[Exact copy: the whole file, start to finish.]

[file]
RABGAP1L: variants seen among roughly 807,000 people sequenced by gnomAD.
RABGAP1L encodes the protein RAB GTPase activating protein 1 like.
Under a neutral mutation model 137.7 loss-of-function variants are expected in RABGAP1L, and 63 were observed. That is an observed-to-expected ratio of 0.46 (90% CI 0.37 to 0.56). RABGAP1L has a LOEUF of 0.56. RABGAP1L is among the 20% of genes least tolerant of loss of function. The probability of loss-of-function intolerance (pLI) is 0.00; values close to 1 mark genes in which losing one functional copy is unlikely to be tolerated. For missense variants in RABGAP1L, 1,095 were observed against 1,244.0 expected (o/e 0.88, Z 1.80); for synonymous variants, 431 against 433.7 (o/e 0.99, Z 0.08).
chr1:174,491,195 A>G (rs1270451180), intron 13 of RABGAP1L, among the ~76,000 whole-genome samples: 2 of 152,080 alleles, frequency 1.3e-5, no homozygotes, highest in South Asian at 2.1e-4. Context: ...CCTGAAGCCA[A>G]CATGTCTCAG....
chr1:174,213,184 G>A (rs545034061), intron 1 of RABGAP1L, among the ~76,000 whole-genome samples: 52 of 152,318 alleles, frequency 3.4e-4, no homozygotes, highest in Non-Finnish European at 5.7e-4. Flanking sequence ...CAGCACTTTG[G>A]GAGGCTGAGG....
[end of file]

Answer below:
RABGAP1L: variants seen among roughly 807,000 people sequenced by gnomAD.
RABGAP1L encodes the protein RAB GTPase activating protein 1 like.
Under a neutral mutation model 137.7 loss-of-function variants are expected in RABGAP1L, and 63 were observed. That is an observed-to-expected ratio of 0.46 (90% CI 0.37 to 0.56). RABGAP1L has a LOEUF of 0.56. RABGAP1L is among the 20% of genes least tolerant of loss of function. The probability of loss-of-function intolerance (pLI) is 0.00; values close to 1 mark genes in which losing one functional copy is unlikely to be tolerated. For missense variants in RABGAP1L, 1,095 were observed against 1,244.0 expected (o/e 0.88, Z 1.80); for synonymous variants, 431 against 433.7 (o/e 0.99, Z 0.08).
chr1:174,491,195 A>G (rs1270451180), intron 13 of RABGAP1L, among the ~76,000 whole-genome samples: 2 of 152,080 alleles, frequency 1.3e-5, no homozygotes, highest in South Asian at 2.1e-4. Context: ...CCTGAAGCCA[A>G]CATGTCTCAG....
chr1:174,213,184 G>A (rs545034061), intron 1 of RABGAP1L, among the ~76,000 whole-genome samples: 52 of 152,318 alleles, frequency 3.4e-4, no homozygotes, highest in Non-Finnish European at 5.7e-4. Flanking sequence ...CAGCACTTTG[G>A]GAGGCTGAGG....